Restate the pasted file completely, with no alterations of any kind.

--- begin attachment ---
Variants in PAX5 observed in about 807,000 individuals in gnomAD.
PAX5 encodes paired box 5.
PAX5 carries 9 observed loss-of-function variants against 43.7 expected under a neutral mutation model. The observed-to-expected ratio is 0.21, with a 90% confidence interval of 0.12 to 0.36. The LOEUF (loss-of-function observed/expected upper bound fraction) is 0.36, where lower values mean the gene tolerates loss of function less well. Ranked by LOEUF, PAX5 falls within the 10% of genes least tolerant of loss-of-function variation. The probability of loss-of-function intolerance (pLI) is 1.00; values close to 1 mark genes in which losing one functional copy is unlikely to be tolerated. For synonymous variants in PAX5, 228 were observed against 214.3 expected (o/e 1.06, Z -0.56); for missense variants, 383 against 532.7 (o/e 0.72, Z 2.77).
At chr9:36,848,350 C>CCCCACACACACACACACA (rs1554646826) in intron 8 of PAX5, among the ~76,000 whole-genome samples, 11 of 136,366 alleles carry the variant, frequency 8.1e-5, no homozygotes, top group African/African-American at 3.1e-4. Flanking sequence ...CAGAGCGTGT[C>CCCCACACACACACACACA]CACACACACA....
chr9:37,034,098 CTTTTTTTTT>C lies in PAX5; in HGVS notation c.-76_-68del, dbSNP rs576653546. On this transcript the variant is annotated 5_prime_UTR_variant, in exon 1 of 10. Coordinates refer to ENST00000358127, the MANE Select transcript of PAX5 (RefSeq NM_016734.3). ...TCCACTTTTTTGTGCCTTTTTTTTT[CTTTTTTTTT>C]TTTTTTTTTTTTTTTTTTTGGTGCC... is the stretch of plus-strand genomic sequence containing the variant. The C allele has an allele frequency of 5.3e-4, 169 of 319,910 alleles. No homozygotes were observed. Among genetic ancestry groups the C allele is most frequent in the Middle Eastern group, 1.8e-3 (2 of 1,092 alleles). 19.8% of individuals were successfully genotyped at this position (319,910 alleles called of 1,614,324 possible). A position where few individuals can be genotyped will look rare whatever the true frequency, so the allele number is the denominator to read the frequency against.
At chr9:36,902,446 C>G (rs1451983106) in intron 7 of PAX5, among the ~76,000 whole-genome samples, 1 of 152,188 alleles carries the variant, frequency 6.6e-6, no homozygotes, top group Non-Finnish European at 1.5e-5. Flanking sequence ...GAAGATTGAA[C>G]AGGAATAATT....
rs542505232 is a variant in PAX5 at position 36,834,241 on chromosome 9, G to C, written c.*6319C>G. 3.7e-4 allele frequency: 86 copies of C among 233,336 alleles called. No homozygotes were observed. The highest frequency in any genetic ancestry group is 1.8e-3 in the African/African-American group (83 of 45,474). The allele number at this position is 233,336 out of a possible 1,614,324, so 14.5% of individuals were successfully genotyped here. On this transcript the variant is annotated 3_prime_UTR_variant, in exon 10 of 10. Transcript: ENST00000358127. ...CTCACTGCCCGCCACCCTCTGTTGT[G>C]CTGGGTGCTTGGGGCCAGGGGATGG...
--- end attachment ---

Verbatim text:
Variants in PAX5 observed in about 807,000 individuals in gnomAD.
PAX5 encodes paired box 5.
PAX5 carries 9 observed loss-of-function variants against 43.7 expected under a neutral mutation model. The observed-to-expected ratio is 0.21, with a 90% confidence interval of 0.12 to 0.36. The LOEUF (loss-of-function observed/expected upper bound fraction) is 0.36, where lower values mean the gene tolerates loss of function less well. Ranked by LOEUF, PAX5 falls within the 10% of genes least tolerant of loss-of-function variation. The probability of loss-of-function intolerance (pLI) is 1.00; values close to 1 mark genes in which losing one functional copy is unlikely to be tolerated. For synonymous variants in PAX5, 228 were observed against 214.3 expected (o/e 1.06, Z -0.56); for missense variants, 383 against 532.7 (o/e 0.72, Z 2.77).
At chr9:36,848,350 C>CCCCACACACACACACACA (rs1554646826) in intron 8 of PAX5, among the ~76,000 whole-genome samples, 11 of 136,366 alleles carry the variant, frequency 8.1e-5, no homozygotes, top group African/African-American at 3.1e-4. Flanking sequence ...CAGAGCGTGT[C>CCCCACACACACACACACA]CACACACACA....
chr9:37,034,098 CTTTTTTTTT>C lies in PAX5; in HGVS notation c.-76_-68del, dbSNP rs576653546. On this transcript the variant is annotated 5_prime_UTR_variant, in exon 1 of 10. Coordinates refer to ENST00000358127, the MANE Select transcript of PAX5 (RefSeq NM_016734.3). ...TCCACTTTTTTGTGCCTTTTTTTTT[CTTTTTTTTT>C]TTTTTTTTTTTTTTTTTTTGGTGCC... is the stretch of plus-strand genomic sequence containing the variant. The C allele has an allele frequency of 5.3e-4, 169 of 319,910 alleles. No homozygotes were observed. Among genetic ancestry groups the C allele is most frequent in the Middle Eastern group, 1.8e-3 (2 of 1,092 alleles). 19.8% of individuals were successfully genotyped at this position (319,910 alleles called of 1,614,324 possible). A position where few individuals can be genotyped will look rare whatever the true frequency, so the allele number is the denominator to read the frequency against.
At chr9:36,902,446 C>G (rs1451983106) in intron 7 of PAX5, among the ~76,000 whole-genome samples, 1 of 152,188 alleles carries the variant, frequency 6.6e-6, no homozygotes, top group Non-Finnish European at 1.5e-5. Flanking sequence ...GAAGATTGAA[C>G]AGGAATAATT....
rs542505232 is a variant in PAX5 at position 36,834,241 on chromosome 9, G to C, written c.*6319C>G. 3.7e-4 allele frequency: 86 copies of C among 233,336 alleles called. No homozygotes were observed. The highest frequency in any genetic ancestry group is 1.8e-3 in the African/African-American group (83 of 45,474). The allele number at this position is 233,336 out of a possible 1,614,324, so 14.5% of individuals were successfully genotyped here. On this transcript the variant is annotated 3_prime_UTR_variant, in exon 10 of 10. Transcript: ENST00000358127. ...CTCACTGCCCGCCACCCTCTGTTGT[G>C]CTGGGTGCTTGGGGCCAGGGGATGG...